Tuesday, 24 January 2017: 11:15 AM
Conference Center: Tahoma 5 (Washington State Convention Center )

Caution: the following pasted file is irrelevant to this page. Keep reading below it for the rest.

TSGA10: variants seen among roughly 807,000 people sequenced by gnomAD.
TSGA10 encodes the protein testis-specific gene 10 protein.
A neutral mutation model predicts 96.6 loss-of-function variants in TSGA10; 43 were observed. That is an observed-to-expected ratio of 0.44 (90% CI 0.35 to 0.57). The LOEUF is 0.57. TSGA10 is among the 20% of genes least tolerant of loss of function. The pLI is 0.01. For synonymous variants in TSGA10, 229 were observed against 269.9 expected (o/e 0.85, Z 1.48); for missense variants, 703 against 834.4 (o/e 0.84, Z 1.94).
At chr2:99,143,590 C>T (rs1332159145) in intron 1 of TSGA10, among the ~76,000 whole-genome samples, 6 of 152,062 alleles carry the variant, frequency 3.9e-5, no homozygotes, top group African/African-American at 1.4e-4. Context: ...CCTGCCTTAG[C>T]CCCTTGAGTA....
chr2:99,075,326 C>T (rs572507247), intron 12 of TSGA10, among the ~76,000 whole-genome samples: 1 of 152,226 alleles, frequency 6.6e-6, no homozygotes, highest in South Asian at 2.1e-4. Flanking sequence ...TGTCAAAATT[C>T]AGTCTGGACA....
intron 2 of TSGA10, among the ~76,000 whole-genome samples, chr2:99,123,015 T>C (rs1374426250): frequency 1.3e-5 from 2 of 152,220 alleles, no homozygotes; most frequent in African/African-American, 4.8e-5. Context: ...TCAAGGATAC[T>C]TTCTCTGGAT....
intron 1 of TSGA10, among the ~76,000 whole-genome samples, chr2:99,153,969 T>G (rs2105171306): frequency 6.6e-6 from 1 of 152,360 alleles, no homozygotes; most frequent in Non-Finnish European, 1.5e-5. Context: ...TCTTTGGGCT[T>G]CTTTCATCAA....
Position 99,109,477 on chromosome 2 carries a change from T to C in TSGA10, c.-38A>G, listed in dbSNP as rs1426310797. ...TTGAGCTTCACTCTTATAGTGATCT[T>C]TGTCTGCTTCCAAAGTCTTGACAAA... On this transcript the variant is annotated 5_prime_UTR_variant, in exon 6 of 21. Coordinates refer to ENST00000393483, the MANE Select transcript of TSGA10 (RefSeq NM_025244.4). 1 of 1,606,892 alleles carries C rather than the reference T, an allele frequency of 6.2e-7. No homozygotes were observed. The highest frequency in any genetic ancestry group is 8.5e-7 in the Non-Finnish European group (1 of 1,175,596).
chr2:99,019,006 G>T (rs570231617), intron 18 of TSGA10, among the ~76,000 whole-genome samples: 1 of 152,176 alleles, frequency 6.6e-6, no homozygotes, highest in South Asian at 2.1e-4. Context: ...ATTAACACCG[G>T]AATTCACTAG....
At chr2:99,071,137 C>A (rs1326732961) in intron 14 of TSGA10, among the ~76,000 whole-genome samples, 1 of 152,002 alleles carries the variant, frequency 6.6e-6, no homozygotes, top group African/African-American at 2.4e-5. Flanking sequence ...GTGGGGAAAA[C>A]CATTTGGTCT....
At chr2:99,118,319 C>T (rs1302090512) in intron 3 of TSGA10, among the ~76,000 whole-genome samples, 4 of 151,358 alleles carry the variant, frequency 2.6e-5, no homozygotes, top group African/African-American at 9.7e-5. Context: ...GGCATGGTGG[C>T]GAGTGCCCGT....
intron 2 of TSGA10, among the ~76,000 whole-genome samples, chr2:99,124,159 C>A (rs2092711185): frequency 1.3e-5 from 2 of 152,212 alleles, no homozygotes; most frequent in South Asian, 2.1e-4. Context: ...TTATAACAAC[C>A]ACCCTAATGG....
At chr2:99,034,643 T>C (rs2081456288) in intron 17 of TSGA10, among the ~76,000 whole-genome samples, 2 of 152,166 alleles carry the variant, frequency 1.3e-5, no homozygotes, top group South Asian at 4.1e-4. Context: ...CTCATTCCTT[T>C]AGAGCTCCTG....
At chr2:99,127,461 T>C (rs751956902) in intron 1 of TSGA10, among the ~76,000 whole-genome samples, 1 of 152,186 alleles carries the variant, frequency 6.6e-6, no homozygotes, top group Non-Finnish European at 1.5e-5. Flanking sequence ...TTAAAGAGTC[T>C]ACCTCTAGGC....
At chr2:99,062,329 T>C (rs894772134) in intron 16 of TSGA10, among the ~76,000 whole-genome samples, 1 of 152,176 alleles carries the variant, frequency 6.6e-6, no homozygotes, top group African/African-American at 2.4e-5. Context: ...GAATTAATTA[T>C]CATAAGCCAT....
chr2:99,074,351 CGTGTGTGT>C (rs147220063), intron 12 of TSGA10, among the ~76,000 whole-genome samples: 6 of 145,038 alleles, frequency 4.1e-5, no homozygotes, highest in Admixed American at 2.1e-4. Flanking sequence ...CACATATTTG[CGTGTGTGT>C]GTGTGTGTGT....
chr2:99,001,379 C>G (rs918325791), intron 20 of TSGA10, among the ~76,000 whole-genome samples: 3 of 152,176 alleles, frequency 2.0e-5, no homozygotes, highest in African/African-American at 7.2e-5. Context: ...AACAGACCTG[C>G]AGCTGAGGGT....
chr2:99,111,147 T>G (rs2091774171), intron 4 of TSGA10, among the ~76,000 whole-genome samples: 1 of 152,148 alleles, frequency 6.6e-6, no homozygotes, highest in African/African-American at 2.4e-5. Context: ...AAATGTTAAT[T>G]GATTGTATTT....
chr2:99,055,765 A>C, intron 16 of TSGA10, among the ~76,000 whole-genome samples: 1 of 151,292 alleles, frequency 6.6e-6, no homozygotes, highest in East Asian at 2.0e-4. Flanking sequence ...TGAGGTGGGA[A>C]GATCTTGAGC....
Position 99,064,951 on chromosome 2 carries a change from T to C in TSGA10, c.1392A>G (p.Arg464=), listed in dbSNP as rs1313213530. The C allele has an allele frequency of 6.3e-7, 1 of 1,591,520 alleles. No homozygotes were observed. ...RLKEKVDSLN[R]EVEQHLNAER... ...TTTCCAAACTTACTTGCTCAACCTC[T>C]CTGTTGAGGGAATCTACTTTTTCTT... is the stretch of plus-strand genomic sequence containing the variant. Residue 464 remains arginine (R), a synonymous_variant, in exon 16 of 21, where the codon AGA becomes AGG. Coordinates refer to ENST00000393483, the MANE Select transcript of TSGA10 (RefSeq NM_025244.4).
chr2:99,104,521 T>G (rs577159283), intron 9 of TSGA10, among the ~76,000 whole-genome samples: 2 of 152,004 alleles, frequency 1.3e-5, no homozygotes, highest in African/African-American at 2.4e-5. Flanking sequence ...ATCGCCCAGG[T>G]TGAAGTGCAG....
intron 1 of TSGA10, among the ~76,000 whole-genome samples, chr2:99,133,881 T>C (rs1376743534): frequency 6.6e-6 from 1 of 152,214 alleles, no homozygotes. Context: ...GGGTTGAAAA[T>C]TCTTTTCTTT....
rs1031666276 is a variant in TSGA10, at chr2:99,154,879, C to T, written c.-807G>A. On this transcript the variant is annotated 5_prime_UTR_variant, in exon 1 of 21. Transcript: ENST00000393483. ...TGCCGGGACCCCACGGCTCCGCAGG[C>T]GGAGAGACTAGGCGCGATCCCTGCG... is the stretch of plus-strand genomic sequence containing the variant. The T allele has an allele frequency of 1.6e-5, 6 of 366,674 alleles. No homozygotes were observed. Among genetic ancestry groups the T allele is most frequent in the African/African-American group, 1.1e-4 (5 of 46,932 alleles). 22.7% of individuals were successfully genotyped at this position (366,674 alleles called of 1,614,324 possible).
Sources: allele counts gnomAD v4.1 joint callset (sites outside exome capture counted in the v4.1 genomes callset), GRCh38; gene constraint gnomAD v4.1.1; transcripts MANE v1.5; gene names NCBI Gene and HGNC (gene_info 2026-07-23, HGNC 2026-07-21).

El Niño has a strong and varied impact on environmental conditions across the Pacific region leading to a range of climate extremes. Such extremes possess the potential to exact a heavy toll on Pacific Island Countries (PICs), especially in relation to population health. This is of utmost concern as PICs are amongst those most vulnerable to variations in climate because of a high burden of ill-health and the limited capacity of health systems to respond and adapt to climate risks as posed by events such as El Niño. Given this, the potential impacts of the recent 2015-2016 El Niño on people's health in PICs, as affected by a range of possible diseases (e.g. diarrhoea and dengue fever) could be significant. The overarching aim of this paper therefore is to present the outcome of an exploratory analysis of the health impacts in PICs of the 2015-2016 El Niño event by exploring whether significant anomalies of disease incidence across a number of PICs are related to unequivocal departures of a range of health sensitive climate fields from the “normal” climate state. In doing so, the paper will assess the utility of disease incidence data collected via the Pacific Syndromic Surveillance System (PSSS; weekly data) and the Health Information and Intelligence Platform (HIIP; daily data) for establishing El Niño related health impacts and describe some of the methodological and analytical challenges confronted in assembling an integrated climate and health data set for establishing climate related health impacts.
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